Though I’m glad I worked in that job, I suffered from burnout and took some time off work after the May 2021 bombing of Gaza and when I returned to work I realised that I needed to put boundaries in place to manage my recovery.

As I worked to do that, I became less tolerant of a leadership culture that paid lip service to achieving equal representation of women at all leadership levels but didn’t create the environment that was conducive to retention of female talent.

The culture was not supportive of boundaries between work and personal life. There was a lot of trauma experienced by my team too.

With the help of a coach, I realised my values didn’t align with my work, so I resigned.

Is this why you wanted to set up the business you have now? Again, was it hard to make such a big shift?

It was a frightening leap to go from a very well paid, on the face of it ‘glamorous’, or at least ‘adventurous’ job, to this nebulous idea of being a female founder of a business.

The macho power structures that suggest people are failures or can’t hack it if they ask for help or challenge the status quo result in people – particularly women – being afraid to admit they were not coping, and suffering burnout at a frightening rate.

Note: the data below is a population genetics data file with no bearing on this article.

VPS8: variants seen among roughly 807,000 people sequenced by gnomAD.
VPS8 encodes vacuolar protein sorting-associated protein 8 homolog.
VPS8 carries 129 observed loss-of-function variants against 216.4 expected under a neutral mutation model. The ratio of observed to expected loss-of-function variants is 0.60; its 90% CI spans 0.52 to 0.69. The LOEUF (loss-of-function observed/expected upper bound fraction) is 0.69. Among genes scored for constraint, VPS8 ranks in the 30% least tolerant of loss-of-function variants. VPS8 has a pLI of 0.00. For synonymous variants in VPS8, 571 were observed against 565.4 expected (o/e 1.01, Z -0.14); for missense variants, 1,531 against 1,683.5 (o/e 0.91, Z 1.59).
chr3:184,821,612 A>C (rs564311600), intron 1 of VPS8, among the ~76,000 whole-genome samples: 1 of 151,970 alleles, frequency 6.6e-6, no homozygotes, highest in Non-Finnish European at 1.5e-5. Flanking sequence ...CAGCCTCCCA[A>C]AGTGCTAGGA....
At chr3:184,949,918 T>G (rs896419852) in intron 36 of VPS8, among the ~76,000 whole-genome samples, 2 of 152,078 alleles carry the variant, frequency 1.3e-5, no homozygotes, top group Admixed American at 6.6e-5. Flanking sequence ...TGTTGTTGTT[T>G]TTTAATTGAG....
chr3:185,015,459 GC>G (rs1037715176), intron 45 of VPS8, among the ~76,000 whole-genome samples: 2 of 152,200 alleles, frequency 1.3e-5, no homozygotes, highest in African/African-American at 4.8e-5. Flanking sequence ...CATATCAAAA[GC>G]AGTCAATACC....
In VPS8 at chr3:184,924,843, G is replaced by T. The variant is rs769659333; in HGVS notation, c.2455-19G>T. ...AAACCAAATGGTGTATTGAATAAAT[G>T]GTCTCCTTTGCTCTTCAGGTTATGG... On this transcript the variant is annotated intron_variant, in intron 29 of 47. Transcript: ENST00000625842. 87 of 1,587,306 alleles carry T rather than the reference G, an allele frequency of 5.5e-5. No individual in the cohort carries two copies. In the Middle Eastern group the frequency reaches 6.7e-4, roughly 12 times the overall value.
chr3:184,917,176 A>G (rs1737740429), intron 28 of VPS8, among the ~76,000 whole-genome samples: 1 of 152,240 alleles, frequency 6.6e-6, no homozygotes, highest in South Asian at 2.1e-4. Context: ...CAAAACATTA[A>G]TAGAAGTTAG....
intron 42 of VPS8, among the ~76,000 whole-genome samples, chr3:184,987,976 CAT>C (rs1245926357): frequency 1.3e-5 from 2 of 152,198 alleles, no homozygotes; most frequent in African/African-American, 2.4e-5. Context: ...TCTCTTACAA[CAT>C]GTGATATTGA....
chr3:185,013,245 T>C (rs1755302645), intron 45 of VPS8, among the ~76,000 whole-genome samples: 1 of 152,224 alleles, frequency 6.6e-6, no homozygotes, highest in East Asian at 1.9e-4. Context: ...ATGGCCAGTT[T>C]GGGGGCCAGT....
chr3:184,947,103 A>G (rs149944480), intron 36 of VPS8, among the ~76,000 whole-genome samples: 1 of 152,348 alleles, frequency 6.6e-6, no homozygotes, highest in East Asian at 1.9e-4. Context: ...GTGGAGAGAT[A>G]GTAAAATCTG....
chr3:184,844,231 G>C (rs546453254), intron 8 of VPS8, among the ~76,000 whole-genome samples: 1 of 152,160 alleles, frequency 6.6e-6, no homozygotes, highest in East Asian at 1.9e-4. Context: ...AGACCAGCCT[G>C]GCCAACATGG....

I think it’s time I worked to create cultures that encourage retention of female talent and can empower women to move into leadership roles, to break the cycle that prevents the equal representation of women in senior management roles.

What’s the best career advice you have?

Not everyone’s opinion matters. Choose carefully who you are influenced by.

And don’t worry if you don’t have a five-year plan.

Focus on your values, focus on keeping curious and continuously learning, be on the look out for and open to possibilities when they appear.

An average day in the working life of Bridget Forster

9.30am-12pm: The morning is spent on her book, either working on research or writing.

1pm-4pm: She plans, designs and writes webinars for her company Be the Bridge Today.

Bridget likes trying different techniques to help her focus (Picture: Bridget Forster)

She also works on training sessions and recording for a podcast that will be released soon, as well as catching up with her mentees.

4.30pm: She calls it a day and will head to the gym to wind down.

What do you love most about your job?

I get control over my time and I get to spend more time with my husband, my family and friends.

I think when you have spent a long time lost in the emotional and physical demands of a job there is something really precious about simple things like cooking dinner together, joining a community club, or being able to grow vegetables in your garden.

What do you like the least about your job?

Sometimes it’s difficult to walk the talk when you are working for yourself.

It can be lonely and overwhelming. I still suffer from insecurities and indulge in bad habits, like procrastination and doom scrolling first thing in the morning, but I have strong female networks and some amazing male allies who can help me see myself through their eyes and guide me back into healthier behaviours and remind me to look for the joy in things.